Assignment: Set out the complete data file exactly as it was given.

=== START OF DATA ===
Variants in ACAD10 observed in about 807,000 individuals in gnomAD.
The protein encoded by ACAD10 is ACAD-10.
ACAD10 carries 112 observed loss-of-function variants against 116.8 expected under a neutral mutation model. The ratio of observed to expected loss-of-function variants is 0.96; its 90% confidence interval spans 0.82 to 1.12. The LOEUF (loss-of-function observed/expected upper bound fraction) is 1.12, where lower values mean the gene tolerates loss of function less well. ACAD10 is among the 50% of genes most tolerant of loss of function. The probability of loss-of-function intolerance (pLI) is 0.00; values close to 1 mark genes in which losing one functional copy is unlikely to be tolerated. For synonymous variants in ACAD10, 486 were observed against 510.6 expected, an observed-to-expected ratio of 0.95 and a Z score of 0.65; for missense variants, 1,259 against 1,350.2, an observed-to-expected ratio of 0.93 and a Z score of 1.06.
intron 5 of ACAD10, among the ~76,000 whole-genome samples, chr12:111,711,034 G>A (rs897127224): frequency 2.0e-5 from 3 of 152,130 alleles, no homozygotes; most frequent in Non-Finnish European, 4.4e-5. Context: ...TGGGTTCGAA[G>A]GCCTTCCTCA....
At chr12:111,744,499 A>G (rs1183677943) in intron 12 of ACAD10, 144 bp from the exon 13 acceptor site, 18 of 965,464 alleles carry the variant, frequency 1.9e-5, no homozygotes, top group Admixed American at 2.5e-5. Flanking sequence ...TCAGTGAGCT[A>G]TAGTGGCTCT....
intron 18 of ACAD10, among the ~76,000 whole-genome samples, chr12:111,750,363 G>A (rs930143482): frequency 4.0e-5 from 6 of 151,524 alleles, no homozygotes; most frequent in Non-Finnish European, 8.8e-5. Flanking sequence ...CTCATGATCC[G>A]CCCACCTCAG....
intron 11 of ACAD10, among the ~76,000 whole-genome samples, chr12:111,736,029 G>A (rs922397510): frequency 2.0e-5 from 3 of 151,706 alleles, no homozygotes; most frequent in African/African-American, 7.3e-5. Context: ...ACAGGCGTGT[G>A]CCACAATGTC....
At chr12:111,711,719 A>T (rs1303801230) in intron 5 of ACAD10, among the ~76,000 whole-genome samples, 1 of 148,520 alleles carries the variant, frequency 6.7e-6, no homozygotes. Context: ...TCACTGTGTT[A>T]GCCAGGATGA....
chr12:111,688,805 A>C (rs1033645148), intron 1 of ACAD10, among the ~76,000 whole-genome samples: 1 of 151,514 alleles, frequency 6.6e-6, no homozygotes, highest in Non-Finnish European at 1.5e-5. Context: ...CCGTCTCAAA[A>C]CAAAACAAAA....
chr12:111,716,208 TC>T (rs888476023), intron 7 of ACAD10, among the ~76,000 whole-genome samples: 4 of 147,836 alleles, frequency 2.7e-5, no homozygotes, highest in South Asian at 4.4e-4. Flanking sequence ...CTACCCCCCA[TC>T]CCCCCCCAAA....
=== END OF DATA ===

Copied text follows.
Variants in ACAD10 observed in about 807,000 individuals in gnomAD.
The protein encoded by ACAD10 is ACAD-10.
ACAD10 carries 112 observed loss-of-function variants against 116.8 expected under a neutral mutation model. The ratio of observed to expected loss-of-function variants is 0.96; its 90% confidence interval spans 0.82 to 1.12. The LOEUF (loss-of-function observed/expected upper bound fraction) is 1.12, where lower values mean the gene tolerates loss of function less well. ACAD10 is among the 50% of genes most tolerant of loss of function. The probability of loss-of-function intolerance (pLI) is 0.00; values close to 1 mark genes in which losing one functional copy is unlikely to be tolerated. For synonymous variants in ACAD10, 486 were observed against 510.6 expected, an observed-to-expected ratio of 0.95 and a Z score of 0.65; for missense variants, 1,259 against 1,350.2, an observed-to-expected ratio of 0.93 and a Z score of 1.06.
intron 5 of ACAD10, among the ~76,000 whole-genome samples, chr12:111,711,034 G>A (rs897127224): frequency 2.0e-5 from 3 of 152,130 alleles, no homozygotes; most frequent in Non-Finnish European, 4.4e-5. Context: ...TGGGTTCGAA[G>A]GCCTTCCTCA....
At chr12:111,744,499 A>G (rs1183677943) in intron 12 of ACAD10, 144 bp from the exon 13 acceptor site, 18 of 965,464 alleles carry the variant, frequency 1.9e-5, no homozygotes, top group Admixed American at 2.5e-5. Flanking sequence ...TCAGTGAGCT[A>G]TAGTGGCTCT....
intron 18 of ACAD10, among the ~76,000 whole-genome samples, chr12:111,750,363 G>A (rs930143482): frequency 4.0e-5 from 6 of 151,524 alleles, no homozygotes; most frequent in Non-Finnish European, 8.8e-5. Flanking sequence ...CTCATGATCC[G>A]CCCACCTCAG....
intron 11 of ACAD10, among the ~76,000 whole-genome samples, chr12:111,736,029 G>A (rs922397510): frequency 2.0e-5 from 3 of 151,706 alleles, no homozygotes; most frequent in African/African-American, 7.3e-5. Context: ...ACAGGCGTGT[G>A]CCACAATGTC....
At chr12:111,711,719 A>T (rs1303801230) in intron 5 of ACAD10, among the ~76,000 whole-genome samples, 1 of 148,520 alleles carries the variant, frequency 6.7e-6, no homozygotes. Context: ...TCACTGTGTT[A>T]GCCAGGATGA....
chr12:111,688,805 A>C (rs1033645148), intron 1 of ACAD10, among the ~76,000 whole-genome samples: 1 of 151,514 alleles, frequency 6.6e-6, no homozygotes, highest in Non-Finnish European at 1.5e-5. Context: ...CCGTCTCAAA[A>C]CAAAACAAAA....
chr12:111,716,208 TC>T (rs888476023), intron 7 of ACAD10, among the ~76,000 whole-genome samples: 4 of 147,836 alleles, frequency 2.7e-5, no homozygotes, highest in South Asian at 4.4e-4. Flanking sequence ...CTACCCCCCA[TC>T]CCCCCCCAAA....